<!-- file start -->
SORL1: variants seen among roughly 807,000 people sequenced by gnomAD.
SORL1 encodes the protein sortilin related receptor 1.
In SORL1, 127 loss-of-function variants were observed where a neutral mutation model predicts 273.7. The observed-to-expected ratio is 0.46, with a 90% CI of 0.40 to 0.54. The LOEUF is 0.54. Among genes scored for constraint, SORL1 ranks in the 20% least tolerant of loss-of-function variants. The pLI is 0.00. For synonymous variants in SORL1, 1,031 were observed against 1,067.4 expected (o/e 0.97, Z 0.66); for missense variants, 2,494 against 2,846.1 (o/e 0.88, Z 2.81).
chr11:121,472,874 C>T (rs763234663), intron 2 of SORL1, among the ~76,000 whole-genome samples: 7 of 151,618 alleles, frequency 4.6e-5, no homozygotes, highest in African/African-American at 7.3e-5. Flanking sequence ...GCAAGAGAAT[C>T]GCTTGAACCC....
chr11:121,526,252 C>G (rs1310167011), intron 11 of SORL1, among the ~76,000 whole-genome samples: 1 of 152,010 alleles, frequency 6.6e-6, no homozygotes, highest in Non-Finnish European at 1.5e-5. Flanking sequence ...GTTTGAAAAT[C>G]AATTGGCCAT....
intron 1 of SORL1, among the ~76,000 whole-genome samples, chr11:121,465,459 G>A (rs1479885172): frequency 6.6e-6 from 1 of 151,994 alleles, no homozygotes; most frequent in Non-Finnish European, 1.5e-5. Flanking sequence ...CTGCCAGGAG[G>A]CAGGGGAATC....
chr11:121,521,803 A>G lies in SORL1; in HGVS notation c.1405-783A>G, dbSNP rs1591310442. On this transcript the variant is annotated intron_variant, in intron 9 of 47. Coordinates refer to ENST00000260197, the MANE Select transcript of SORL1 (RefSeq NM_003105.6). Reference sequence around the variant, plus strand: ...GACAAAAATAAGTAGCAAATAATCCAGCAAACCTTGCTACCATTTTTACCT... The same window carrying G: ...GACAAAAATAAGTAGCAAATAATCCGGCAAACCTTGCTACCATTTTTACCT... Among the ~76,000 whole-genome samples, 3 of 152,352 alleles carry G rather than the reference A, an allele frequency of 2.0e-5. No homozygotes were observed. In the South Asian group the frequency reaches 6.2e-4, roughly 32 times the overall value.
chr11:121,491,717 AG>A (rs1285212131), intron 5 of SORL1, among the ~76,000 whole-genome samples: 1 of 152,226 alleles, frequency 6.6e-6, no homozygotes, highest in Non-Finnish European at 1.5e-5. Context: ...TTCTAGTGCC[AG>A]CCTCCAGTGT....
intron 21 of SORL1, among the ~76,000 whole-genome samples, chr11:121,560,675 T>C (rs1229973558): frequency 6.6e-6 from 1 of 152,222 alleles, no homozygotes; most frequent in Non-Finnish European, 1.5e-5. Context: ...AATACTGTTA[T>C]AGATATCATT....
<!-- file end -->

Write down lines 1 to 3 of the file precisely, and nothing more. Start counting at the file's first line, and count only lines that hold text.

SORL1: variants seen among roughly 807,000 people sequenced by gnomAD.
SORL1 encodes the protein sortilin related receptor 1.
In SORL1, 127 loss-of-function variants were observed where a neutral mutation model predicts 273.7. The observed-to-expected ratio is 0.46, with a 90% CI of 0.40 to 0.54. The LOEUF is 0.54. Among genes scored for constraint, SORL1 ranks in the 20% least tolerant of loss-of-function variants. The pLI is 0.00. For synonymous variants in SORL1, 1,031 were observed against 1,067.4 expected (o/e 0.97, Z 0.66); for missense variants, 2,494 against 2,846.1 (o/e 0.88, Z 2.81).